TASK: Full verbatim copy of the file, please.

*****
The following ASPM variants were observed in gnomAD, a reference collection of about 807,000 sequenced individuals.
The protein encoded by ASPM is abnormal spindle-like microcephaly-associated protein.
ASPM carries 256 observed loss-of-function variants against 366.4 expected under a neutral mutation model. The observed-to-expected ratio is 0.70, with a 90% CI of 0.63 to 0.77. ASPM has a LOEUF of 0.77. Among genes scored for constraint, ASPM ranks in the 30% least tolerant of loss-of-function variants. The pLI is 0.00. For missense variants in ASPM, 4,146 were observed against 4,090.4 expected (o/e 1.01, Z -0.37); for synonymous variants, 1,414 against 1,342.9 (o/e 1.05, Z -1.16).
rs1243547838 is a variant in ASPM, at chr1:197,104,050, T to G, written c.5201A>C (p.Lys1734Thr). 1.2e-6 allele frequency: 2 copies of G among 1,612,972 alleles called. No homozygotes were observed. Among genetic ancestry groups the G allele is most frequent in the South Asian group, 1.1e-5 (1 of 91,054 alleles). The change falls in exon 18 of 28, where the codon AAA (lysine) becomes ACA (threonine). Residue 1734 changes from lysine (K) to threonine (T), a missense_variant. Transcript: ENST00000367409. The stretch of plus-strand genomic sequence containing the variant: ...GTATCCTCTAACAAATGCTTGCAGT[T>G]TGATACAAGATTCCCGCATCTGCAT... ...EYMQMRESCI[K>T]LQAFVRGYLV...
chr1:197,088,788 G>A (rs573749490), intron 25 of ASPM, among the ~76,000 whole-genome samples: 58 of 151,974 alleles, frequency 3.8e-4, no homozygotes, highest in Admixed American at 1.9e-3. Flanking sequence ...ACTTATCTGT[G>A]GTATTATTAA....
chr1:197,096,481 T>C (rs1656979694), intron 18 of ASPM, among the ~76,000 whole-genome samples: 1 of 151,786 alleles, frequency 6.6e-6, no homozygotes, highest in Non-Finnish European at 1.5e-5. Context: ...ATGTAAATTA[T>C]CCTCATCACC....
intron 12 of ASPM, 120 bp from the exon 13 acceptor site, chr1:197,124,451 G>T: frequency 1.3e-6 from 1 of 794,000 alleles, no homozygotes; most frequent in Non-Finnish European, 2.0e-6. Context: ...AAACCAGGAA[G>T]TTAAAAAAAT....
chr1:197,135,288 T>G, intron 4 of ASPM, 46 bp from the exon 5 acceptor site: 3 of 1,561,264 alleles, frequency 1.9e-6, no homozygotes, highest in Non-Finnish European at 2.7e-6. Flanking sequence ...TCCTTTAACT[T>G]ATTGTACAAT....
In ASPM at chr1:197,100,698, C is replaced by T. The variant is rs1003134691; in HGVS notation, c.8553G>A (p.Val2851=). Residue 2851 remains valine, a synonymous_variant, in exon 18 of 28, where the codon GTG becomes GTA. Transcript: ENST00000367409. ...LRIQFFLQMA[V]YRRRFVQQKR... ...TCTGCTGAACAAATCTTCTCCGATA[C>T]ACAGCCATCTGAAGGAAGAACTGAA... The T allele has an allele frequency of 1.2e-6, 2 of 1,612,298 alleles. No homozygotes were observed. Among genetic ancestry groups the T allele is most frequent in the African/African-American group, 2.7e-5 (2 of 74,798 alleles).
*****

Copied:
The following ASPM variants were observed in gnomAD, a reference collection of about 807,000 sequenced individuals.
The protein encoded by ASPM is abnormal spindle-like microcephaly-associated protein.
ASPM carries 256 observed loss-of-function variants against 366.4 expected under a neutral mutation model. The observed-to-expected ratio is 0.70, with a 90% CI of 0.63 to 0.77. ASPM has a LOEUF of 0.77. Among genes scored for constraint, ASPM ranks in the 30% least tolerant of loss-of-function variants. The pLI is 0.00. For missense variants in ASPM, 4,146 were observed against 4,090.4 expected (o/e 1.01, Z -0.37); for synonymous variants, 1,414 against 1,342.9 (o/e 1.05, Z -1.16).
rs1243547838 is a variant in ASPM, at chr1:197,104,050, T to G, written c.5201A>C (p.Lys1734Thr). 1.2e-6 allele frequency: 2 copies of G among 1,612,972 alleles called. No homozygotes were observed. Among genetic ancestry groups the G allele is most frequent in the South Asian group, 1.1e-5 (1 of 91,054 alleles). The change falls in exon 18 of 28, where the codon AAA (lysine) becomes ACA (threonine). Residue 1734 changes from lysine (K) to threonine (T), a missense_variant. Transcript: ENST00000367409. The stretch of plus-strand genomic sequence containing the variant: ...GTATCCTCTAACAAATGCTTGCAGT[T>G]TGATACAAGATTCCCGCATCTGCAT... ...EYMQMRESCI[K>T]LQAFVRGYLV...
chr1:197,088,788 G>A (rs573749490), intron 25 of ASPM, among the ~76,000 whole-genome samples: 58 of 151,974 alleles, frequency 3.8e-4, no homozygotes, highest in Admixed American at 1.9e-3. Flanking sequence ...ACTTATCTGT[G>A]GTATTATTAA....
chr1:197,096,481 T>C (rs1656979694), intron 18 of ASPM, among the ~76,000 whole-genome samples: 1 of 151,786 alleles, frequency 6.6e-6, no homozygotes, highest in Non-Finnish European at 1.5e-5. Context: ...ATGTAAATTA[T>C]CCTCATCACC....
intron 12 of ASPM, 120 bp from the exon 13 acceptor site, chr1:197,124,451 G>T: frequency 1.3e-6 from 1 of 794,000 alleles, no homozygotes; most frequent in Non-Finnish European, 2.0e-6. Context: ...AAACCAGGAA[G>T]TTAAAAAAAT....
chr1:197,135,288 T>G, intron 4 of ASPM, 46 bp from the exon 5 acceptor site: 3 of 1,561,264 alleles, frequency 1.9e-6, no homozygotes, highest in Non-Finnish European at 2.7e-6. Flanking sequence ...TCCTTTAACT[T>G]ATTGTACAAT....
In ASPM at chr1:197,100,698, C is replaced by T. The variant is rs1003134691; in HGVS notation, c.8553G>A (p.Val2851=). Residue 2851 remains valine, a synonymous_variant, in exon 18 of 28, where the codon GTG becomes GTA. Transcript: ENST00000367409. ...LRIQFFLQMA[V]YRRRFVQQKR... ...TCTGCTGAACAAATCTTCTCCGATA[C>T]ACAGCCATCTGAAGGAAGAACTGAA... The T allele has an allele frequency of 1.2e-6, 2 of 1,612,298 alleles. No homozygotes were observed. Among genetic ancestry groups the T allele is most frequent in the African/African-American group, 2.7e-5 (2 of 74,798 alleles).